Texas family hospitalized after using charcoal grill to heat apartment

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HARRIS COUNTY, Texas (NewsNation Now) — Amid dangerously cold temperatures in Texas, a family near Houston was hospitalized for carbon monoxide poisoning, according to officials.

Six people, including four children, were taken to an area hospital on Monday afternoon.

The family lived in an apartment building and used a charcoal grill to heat the unit, according to Cy-Fair Fire Department.

“Please remember to never run a generator or grill inside your home. These produce carbon monoxide, which is a deadly, colorless and odorless gas,” the department said on Twitter.

The state is experiencing an “unprecedented shortfall of electric generation” and over 3 million Texans are without power as of Monday afternoon, with officials warning the outages could persist into Tuesday.

Each year, more than 400 Americans die from carbon monoxide poisoning, according to the Centers for Disease Control and Prevention.

More than 20,000 people are sent to the emergency room, and more than 4,000 are hospitalized, the CDC says.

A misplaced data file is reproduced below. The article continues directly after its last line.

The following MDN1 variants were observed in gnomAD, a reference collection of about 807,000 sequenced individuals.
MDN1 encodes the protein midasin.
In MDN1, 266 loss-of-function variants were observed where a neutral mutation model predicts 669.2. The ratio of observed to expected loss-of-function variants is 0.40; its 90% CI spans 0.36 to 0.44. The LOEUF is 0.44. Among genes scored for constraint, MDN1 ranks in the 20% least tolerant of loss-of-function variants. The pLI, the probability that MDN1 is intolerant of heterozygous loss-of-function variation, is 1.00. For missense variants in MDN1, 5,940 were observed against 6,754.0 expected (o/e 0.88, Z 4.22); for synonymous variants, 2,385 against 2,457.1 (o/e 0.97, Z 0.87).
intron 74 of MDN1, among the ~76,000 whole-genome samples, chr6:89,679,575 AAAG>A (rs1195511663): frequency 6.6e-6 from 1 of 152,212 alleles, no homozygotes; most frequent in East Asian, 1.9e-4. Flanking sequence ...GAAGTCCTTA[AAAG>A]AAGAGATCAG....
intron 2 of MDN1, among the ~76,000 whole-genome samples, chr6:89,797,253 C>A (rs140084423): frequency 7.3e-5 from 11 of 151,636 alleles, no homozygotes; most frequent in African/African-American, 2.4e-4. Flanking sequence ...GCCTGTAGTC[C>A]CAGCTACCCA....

How to prevent carbon monoxide poisoning

  • Check or change the batteries in your carbon monoxide detector every six months. If you don’t have a battery-powered or battery back-up carbon monoxide detector, buy one soon.
  • Have your heating system, water heater and any other gas, oil, or coal-burning appliances serviced by a qualified technician every year.
  • Keep vents and flues free of debris. Debris can block ventilation lines.
  • Never leave the motor running in a vehicle parked in an enclosed or partially enclosed space, such as a garage.
  • Never run a motor vehicle, generator, pressure washer, or any gasoline-powered engine less than 20 feet from an open window, door, or vent where exhaust can vent into an enclosed area.
  • Never use a charcoal grill, hibachi, lantern, or portable camping stove inside a home, tent, or camper.
  • Never run a generator, pressure washer, or any gasoline-powered engine inside a basement, garage, or other enclosed structure, even if the doors or windows are open.
  • If you suspect carbon monoxide poisoning, call 911 or a health care professional right away.

Tips courtesy: CDC

Carbon monoxide poisoning is entirely preventable. You can protect yourself and your family by learning the symptoms of carbon monoxide poisoning and how to prevent it.

Centers for Disease Control and Prevention

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